8. As you reflect upon female representation in the 1950s, where do you think this film character falls in the continuum? Why? Jane is trying to be rough and tough and loud like a man. Bill treats her like a joke or tomboy little sister. How do you think Doris Day grows as an actress in her various roles in the 1950s, before and after this musical? This role is so much better than her 1949 role in "It's a Great Feeling" with Jack Carson and Dennis Morgan. That seemed so one-dimensional. Here she gets to expand a role. Does Doris Day’s bright and sunny persona add or detract from
  9. "NeverGonnaDance" was talking above about color or the lack of it in the costumes. I noticed the stage was this bright, disturbing red color as they did two steps and an incline at one point. Perhaps this song could have been done in a real world situation making the scenery a character and highlighting the scenery with bold colors.
  10. As you watch the interaction between the four characters in this scene, what do you notice about the way they include each other or relate to one another? How is it different from early musicals we have discussed? The dance is very interrelated with all the characters coming and going and taking turns. The pace never gets to a fever pitch. The tempo builds slightly as the four ascend the stage in the last half of the song. I assume they never really go at it because Buchanan and Levant aren't big dancers. What do you notice about the costuming of the characters that indicate cohesive
  11. What do you notice about the way the scene is directed as Petunia goes to Joe’s bedside and as we cut to her outside hanging laundry? What does this tell us about her relationship, and the connection to the song? This shows us their real life, how it was before and how it will continue to be. Petunia loves Joe and almost lost him and now is living on the happiness of his presence. Petunia is an indefatigable optimist. She is willing Joe to be good. How would the song change if it was a woman singing about her child? Does the cultural meaning change? How? Frankly, her care for Joe (m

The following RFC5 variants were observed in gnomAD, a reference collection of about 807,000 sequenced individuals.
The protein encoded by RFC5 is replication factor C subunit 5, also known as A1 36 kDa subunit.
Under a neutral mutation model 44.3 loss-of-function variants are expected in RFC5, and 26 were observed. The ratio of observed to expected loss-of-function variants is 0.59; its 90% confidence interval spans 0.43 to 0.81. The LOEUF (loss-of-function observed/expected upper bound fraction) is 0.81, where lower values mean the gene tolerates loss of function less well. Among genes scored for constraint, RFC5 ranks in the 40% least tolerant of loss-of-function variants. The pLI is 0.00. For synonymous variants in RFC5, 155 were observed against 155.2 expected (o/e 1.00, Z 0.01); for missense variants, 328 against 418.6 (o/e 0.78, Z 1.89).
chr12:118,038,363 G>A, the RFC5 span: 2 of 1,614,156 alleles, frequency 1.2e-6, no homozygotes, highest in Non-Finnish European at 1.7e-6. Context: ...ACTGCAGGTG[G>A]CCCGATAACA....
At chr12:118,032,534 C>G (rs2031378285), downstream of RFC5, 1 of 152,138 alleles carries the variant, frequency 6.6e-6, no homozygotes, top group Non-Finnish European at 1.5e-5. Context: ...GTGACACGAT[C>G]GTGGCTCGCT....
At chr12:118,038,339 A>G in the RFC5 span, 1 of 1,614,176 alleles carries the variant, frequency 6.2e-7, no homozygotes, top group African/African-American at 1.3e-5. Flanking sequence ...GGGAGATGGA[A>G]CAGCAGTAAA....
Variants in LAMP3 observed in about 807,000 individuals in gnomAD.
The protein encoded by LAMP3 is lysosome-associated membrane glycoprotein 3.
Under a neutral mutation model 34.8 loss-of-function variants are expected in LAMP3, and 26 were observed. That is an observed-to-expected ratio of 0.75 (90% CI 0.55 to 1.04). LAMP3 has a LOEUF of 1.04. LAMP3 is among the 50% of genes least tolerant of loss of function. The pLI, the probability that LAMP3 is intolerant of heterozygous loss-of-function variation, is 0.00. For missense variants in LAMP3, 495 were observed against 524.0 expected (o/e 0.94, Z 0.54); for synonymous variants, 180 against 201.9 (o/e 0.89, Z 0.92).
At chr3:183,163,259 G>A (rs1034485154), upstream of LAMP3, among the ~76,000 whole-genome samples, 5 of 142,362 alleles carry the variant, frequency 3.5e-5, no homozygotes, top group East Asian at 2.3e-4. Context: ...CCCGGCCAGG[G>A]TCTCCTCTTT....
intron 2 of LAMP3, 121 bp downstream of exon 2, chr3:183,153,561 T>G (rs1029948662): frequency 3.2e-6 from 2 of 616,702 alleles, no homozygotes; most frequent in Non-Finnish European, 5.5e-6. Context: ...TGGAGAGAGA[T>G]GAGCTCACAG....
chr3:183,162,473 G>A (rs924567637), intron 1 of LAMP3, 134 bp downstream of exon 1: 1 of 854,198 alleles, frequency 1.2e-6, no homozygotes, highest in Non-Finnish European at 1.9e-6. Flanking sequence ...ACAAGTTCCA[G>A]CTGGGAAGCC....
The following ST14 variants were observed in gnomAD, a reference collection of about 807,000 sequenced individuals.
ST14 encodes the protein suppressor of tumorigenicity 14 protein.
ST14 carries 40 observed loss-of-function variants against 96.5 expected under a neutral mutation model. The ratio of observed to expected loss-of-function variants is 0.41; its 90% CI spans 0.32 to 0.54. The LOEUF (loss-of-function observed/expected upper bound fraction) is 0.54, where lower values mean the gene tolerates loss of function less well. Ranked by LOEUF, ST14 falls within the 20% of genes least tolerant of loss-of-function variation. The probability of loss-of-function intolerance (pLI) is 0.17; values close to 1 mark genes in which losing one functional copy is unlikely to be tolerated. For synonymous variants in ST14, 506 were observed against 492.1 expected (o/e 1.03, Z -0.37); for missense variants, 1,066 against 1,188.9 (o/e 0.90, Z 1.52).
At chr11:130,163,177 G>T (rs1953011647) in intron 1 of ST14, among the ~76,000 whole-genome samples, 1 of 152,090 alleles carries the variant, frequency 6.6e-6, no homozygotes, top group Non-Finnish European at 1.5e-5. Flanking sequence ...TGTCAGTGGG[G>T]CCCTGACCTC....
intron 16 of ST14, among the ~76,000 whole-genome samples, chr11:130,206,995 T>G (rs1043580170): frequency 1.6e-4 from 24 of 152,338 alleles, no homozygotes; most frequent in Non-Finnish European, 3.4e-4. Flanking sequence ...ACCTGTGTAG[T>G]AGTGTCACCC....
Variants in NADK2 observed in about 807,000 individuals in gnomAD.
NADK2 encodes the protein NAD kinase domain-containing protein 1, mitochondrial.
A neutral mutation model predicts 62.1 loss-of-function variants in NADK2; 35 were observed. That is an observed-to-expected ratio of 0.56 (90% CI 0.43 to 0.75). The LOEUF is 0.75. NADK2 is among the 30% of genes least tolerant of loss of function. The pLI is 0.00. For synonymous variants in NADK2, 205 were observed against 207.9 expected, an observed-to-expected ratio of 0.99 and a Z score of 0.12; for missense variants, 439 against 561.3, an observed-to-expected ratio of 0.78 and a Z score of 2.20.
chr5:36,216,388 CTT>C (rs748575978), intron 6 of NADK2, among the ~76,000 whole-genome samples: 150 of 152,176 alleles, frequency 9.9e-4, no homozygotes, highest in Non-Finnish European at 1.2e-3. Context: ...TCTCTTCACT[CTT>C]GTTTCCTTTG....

12. Thinking like a director and editor, describe how each shot spotlights key actions. After they climb the stairs and start running the music picks up to keep up with their steps. Every action is to the rhythm of the music much like Matchmaker, Matchmaker is in Fiddler on the Roof. It’s interesting to examine how musicals segue into musical numbers. How does this sequence prepare us for the singing? It comes up to a slight pause and the music begins. I see comments comparing Betty to Mary Wicks who physically reminds me of Olive Oyl in the Popeye cartoons (who sound like ZaSu Pitts)
  13. 1.What was the first Judy Garland film you recall watching? What was your impression of her? The Wizard of Oz. She seemed like an ordinary girl, but then I'm from Kansas too. 2.How do you view her differently after viewing these clips than you might have viewed her previously? I've seen and enjoyed both clips before. It occurs to me that when you are good and perform with excellent partners you become better. I think that goes for Judy, Fred & Gene. 3. What films in her later career come to mind as examples of her increasing ability to capture an audience's imagination as
  14. Describe how the scenes in today’s Daily Dose were designed to promote American values for audiences during World War II. Be specific. Refer to props, set design, settings, etc. in your answer. Nothing makes you feel American like being in the White House. FDR was elected four times and many watching the movie had no recollection of any other president so FDR was the embodiment of that office. Listen carefully to the dialogue in these scenes. In what ways does the dialogue and/or the screenplay work to boost American morale? Quote specific lines of dialogue in your response. Cohan t